Perhaps most disheartening about the study was that most Americans think they are planning for retirement adequately. In fact, more than half — 55% — consider themselves well-prepared to meet their income needs in retirement, and an astounding 91% are at least moderately confident in their ability to achieve a secure retirement.

Despite the confidence, nearly seven out of ten Americans did not know of the “4%” retirement rule — a rule of thumb annual withdrawal rate often cited by planners as safe to keep in retirement. Some 16% of those surveyed thought it was allowable to take 6%, or even 8% out annually. One in five actually went under the rule, saying they thought 2% to be the safest rate.

The new research also showed that despite having to make many of their investment choices before they reached retirement age, only 39% of Americans understand that when interest rates rise, the value of bond funds decrease. To boot, and less than one in ten — 7% — understand small company stock funds have a higher return over time than large company stock funds, dividend paying stock funds or high-yield bond funds.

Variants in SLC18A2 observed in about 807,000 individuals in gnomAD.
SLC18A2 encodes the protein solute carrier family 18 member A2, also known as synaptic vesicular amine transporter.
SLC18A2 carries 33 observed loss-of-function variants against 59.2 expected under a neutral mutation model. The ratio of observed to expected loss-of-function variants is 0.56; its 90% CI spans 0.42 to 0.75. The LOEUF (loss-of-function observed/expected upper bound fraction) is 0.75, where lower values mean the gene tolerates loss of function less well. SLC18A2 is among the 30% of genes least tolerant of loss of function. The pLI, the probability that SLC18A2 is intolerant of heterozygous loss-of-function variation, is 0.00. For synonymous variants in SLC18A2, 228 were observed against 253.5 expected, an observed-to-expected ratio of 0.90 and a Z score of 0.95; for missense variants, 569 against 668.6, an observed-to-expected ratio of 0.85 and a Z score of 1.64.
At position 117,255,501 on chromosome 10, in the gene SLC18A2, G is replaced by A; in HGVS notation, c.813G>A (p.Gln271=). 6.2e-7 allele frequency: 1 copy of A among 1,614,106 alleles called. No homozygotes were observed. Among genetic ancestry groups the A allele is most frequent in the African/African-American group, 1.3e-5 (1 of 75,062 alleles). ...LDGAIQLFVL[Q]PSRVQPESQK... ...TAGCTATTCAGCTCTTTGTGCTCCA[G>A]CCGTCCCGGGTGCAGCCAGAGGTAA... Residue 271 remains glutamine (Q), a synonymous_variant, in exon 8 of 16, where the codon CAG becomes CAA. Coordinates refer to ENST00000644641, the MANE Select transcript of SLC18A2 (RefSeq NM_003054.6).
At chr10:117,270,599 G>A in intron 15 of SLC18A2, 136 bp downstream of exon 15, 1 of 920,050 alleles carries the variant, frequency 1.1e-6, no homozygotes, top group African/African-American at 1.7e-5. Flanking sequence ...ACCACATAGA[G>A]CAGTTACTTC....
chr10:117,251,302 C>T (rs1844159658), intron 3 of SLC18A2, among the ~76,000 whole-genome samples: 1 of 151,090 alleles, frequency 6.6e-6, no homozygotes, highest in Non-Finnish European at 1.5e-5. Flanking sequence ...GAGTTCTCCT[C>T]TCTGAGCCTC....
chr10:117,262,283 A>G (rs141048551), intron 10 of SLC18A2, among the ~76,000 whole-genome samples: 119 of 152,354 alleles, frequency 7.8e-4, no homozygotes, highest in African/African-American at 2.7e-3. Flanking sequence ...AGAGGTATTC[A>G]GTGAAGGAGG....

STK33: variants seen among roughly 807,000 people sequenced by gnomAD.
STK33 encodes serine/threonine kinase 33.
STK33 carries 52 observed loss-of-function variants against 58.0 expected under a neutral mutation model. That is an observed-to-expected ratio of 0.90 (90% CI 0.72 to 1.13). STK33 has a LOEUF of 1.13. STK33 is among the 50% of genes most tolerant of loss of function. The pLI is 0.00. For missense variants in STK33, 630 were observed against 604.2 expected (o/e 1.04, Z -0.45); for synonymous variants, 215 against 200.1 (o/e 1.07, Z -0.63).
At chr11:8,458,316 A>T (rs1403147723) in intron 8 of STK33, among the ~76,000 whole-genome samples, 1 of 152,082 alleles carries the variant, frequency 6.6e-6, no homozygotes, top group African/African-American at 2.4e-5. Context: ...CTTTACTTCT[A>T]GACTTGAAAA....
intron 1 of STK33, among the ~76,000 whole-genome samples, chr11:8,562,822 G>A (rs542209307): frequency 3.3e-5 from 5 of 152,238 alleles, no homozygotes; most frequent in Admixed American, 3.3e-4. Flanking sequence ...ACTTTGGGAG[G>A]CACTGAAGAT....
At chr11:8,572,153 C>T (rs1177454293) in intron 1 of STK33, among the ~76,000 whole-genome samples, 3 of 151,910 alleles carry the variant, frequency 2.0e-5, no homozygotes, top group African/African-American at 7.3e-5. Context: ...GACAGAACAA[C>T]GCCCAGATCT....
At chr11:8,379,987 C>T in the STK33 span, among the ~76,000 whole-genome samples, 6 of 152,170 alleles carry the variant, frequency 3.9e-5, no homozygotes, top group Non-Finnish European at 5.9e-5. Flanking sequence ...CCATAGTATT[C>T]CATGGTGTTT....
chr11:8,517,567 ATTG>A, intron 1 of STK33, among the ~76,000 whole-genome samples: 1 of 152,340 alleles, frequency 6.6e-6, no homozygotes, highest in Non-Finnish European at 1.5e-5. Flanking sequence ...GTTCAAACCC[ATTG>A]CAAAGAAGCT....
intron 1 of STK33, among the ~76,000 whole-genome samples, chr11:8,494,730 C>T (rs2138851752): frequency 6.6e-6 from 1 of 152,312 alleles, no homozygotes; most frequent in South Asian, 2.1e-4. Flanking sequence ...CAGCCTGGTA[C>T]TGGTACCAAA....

"At age 25 or 35, these responses would be problematic but forgivable, because there’s plenty of time to make up for any mistakes," Littell said. "But at 65 or 70, poor investment decisions can be almost impossible to bounce back from. Even worse, bad decisions can damage both the future growth of a nest egg and the retirement income it can generate over time."

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